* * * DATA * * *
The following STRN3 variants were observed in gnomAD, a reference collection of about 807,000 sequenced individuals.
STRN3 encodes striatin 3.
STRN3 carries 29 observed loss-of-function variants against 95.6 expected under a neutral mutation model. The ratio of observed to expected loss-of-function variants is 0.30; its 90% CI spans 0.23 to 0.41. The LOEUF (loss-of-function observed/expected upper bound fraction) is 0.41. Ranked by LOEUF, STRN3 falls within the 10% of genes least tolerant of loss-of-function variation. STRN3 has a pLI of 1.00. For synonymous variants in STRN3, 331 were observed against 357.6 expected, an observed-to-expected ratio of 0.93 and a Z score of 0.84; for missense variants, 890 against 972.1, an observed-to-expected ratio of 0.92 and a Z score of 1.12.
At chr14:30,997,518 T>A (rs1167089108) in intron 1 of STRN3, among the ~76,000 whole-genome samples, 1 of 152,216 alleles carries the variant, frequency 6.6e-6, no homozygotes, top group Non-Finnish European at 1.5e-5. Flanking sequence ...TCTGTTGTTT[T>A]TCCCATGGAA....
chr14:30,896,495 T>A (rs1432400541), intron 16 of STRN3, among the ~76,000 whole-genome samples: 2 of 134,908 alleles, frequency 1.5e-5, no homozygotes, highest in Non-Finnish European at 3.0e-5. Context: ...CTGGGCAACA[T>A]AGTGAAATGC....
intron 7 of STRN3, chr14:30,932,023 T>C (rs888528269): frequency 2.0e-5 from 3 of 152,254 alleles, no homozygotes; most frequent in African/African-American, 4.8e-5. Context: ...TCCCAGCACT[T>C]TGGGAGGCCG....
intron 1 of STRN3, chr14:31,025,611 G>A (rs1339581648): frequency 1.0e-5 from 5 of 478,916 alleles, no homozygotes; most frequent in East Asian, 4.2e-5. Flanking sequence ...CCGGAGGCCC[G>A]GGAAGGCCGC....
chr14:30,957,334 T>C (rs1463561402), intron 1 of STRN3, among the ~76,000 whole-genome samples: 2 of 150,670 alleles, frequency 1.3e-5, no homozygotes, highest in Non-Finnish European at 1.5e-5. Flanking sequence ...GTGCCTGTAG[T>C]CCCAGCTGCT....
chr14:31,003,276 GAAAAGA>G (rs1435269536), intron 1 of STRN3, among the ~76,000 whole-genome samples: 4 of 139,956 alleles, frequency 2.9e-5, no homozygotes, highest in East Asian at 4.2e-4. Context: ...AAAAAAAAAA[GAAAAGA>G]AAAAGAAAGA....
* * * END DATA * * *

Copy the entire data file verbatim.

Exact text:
The following STRN3 variants were observed in gnomAD, a reference collection of about 807,000 sequenced individuals.
STRN3 encodes striatin 3.
STRN3 carries 29 observed loss-of-function variants against 95.6 expected under a neutral mutation model. The ratio of observed to expected loss-of-function variants is 0.30; its 90% CI spans 0.23 to 0.41. The LOEUF (loss-of-function observed/expected upper bound fraction) is 0.41. Ranked by LOEUF, STRN3 falls within the 10% of genes least tolerant of loss-of-function variation. STRN3 has a pLI of 1.00. For synonymous variants in STRN3, 331 were observed against 357.6 expected, an observed-to-expected ratio of 0.93 and a Z score of 0.84; for missense variants, 890 against 972.1, an observed-to-expected ratio of 0.92 and a Z score of 1.12.
At chr14:30,997,518 T>A (rs1167089108) in intron 1 of STRN3, among the ~76,000 whole-genome samples, 1 of 152,216 alleles carries the variant, frequency 6.6e-6, no homozygotes, top group Non-Finnish European at 1.5e-5. Flanking sequence ...TCTGTTGTTT[T>A]TCCCATGGAA....
chr14:30,896,495 T>A (rs1432400541), intron 16 of STRN3, among the ~76,000 whole-genome samples: 2 of 134,908 alleles, frequency 1.5e-5, no homozygotes, highest in Non-Finnish European at 3.0e-5. Context: ...CTGGGCAACA[T>A]AGTGAAATGC....
intron 7 of STRN3, chr14:30,932,023 T>C (rs888528269): frequency 2.0e-5 from 3 of 152,254 alleles, no homozygotes; most frequent in African/African-American, 4.8e-5. Context: ...TCCCAGCACT[T>C]TGGGAGGCCG....
intron 1 of STRN3, chr14:31,025,611 G>A (rs1339581648): frequency 1.0e-5 from 5 of 478,916 alleles, no homozygotes; most frequent in East Asian, 4.2e-5. Flanking sequence ...CCGGAGGCCC[G>A]GGAAGGCCGC....
chr14:30,957,334 T>C (rs1463561402), intron 1 of STRN3, among the ~76,000 whole-genome samples: 2 of 150,670 alleles, frequency 1.3e-5, no homozygotes, highest in Non-Finnish European at 1.5e-5. Flanking sequence ...GTGCCTGTAG[T>C]CCCAGCTGCT....
chr14:31,003,276 GAAAAGA>G (rs1435269536), intron 1 of STRN3, among the ~76,000 whole-genome samples: 4 of 139,956 alleles, frequency 2.9e-5, no homozygotes, highest in East Asian at 4.2e-4. Context: ...AAAAAAAAAA[GAAAAGA>G]AAAAGAAAGA....